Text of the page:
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International proficiency trial for bovine viral diarrhea virus (BVDV) antibody detection: limitations of milk serology


Control programs were implemented in several countries against bovine viral diarrhea (BVD), one of the most significant cattle diseases worldwide. Most of the programs rely on serological diagnostics in any phase of the program. For the detection of antibodies against BVD virus (BVDV), neutralization tests as well as a variety of (commercially available) ELISAs are used. Here, test systems applied in various laboratories were evaluated in the context of an international interlaboratory proficiency trial. A panel of standardized samples comprising five sera and five milk samples was sent to veterinary diagnostic laboratories (n=51) and test kit manufacturers (n=3).


The ring trial sample panel was investigated by nine commercially available antibody ELISAs as well as by neutralization tests against diverse BVDV-1, BVDV-2 and/or border disease virus (BDV) strains. The negative serum and milk sample as well as a serum collected after BVDV-2 infection were mostly correctly tested regardless of the applied test system. A serum sample obtained from an animal immunized with an inactivated BVDV-1 vaccine tested positive by neutralization tests or by total antibody or Erns-based ELISAs, while all applied NS3-based ELISAs gave negative results. A further serum, containing antibodies against the ovine BDV, reacted positive in all applied BVDV ELISAs, a differentiation between anti-BDV and anti-BVDV antibodies was only enabled by parallel application of neutralization tests against BVDV and BDV isolates. For the BVDV antibody-positive milk samples (n=4), which mimicked prevalences of 20% (n=2) or 50% (n=2), considerable differences in the number of positive results were observed, which mainly depended on the ELISA kit and the sample incubation protocols used. These 4 milk samples tested negative in 43.6%, 50.9%, 3.6% and 56.4%, respectively, of all investigations. Overall, negative results occurred more often, when a short sample incubation protocol instead of an over-night protocol was applied.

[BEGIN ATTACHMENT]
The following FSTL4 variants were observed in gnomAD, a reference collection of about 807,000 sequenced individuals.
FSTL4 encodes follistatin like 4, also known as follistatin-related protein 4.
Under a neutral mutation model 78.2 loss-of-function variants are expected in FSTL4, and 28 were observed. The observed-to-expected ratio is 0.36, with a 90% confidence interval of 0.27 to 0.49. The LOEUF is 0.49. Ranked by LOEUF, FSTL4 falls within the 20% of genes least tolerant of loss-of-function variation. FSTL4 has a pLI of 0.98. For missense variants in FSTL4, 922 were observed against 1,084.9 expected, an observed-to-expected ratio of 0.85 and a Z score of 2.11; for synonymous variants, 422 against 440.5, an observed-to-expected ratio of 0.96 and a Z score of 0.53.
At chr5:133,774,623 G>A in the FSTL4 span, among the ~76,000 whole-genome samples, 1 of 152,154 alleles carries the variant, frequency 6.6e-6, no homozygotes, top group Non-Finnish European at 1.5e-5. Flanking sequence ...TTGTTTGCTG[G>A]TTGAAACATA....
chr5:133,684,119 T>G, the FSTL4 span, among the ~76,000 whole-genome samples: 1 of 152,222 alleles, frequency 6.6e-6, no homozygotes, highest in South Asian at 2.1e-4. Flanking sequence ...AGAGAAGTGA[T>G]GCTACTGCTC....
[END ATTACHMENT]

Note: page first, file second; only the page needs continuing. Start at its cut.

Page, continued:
While the seronegative samples were correctly evaluated in most cases, there were considerable differences in the number of correct evaluations for the seropositive samples, most notably when pooled milk samples were tested. Hence, thorough validation and careful selection of ELISA tests are necessary, especially when applied during surveillance programs in BVD-free regions.



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